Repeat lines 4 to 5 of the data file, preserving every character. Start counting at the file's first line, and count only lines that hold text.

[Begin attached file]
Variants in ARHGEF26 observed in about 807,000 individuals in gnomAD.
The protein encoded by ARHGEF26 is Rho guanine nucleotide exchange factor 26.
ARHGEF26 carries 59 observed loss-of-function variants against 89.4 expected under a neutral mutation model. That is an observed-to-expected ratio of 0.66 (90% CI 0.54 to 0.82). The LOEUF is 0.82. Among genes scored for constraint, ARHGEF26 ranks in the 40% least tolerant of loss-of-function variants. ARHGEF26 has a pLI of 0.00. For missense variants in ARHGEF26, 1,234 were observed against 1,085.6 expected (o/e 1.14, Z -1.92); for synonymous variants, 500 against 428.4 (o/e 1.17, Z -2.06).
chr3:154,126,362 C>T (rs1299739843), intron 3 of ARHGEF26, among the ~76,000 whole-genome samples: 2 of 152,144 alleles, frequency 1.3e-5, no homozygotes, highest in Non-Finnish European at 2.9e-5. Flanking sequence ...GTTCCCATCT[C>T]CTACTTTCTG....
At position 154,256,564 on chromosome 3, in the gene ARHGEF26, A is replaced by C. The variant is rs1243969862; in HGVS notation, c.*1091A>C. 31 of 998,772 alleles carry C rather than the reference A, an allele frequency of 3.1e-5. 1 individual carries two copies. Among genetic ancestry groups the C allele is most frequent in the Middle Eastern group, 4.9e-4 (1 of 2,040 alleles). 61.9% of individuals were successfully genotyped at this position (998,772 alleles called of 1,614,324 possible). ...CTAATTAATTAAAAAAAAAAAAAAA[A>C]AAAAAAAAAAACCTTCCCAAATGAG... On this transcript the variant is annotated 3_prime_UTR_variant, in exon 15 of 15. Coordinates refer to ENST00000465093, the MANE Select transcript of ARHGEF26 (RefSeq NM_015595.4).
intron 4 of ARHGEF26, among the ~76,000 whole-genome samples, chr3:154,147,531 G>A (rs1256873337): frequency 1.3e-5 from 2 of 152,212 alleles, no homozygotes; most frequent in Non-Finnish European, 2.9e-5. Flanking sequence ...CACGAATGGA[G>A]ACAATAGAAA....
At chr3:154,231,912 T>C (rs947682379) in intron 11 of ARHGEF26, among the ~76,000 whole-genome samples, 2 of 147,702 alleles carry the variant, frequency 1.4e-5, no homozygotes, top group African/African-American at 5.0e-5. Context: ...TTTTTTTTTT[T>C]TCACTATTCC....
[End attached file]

chr3:154,126,362 C>T (rs1299739843), intron 3 of ARHGEF26, among the ~76,000 whole-genome samples: 2 of 152,144 alleles, frequency 1.3e-5, no homozygotes, highest in Non-Finnish European at 2.9e-5. Flanking sequence ...GTTCCCATCT[C>T]CTACTTTCTG....
At position 154,256,564 on chromosome 3, in the gene ARHGEF26, A is replaced by C. The variant is rs1243969862; in HGVS notation, c.*1091A>C. 31 of 998,772 alleles carry C rather than the reference A, an allele frequency of 3.1e-5. 1 individual carries two copies. Among genetic ancestry groups the C allele is most frequent in the Middle Eastern group, 4.9e-4 (1 of 2,040 alleles). 61.9% of individuals were successfully genotyped at this position (998,772 alleles called of 1,614,324 possible). ...CTAATTAATTAAAAAAAAAAAAAAA[A>C]AAAAAAAAAAACCTTCCCAAATGAG... On this transcript the variant is annotated 3_prime_UTR_variant, in exon 15 of 15. Coordinates refer to ENST00000465093, the MANE Select transcript of ARHGEF26 (RefSeq NM_015595.4).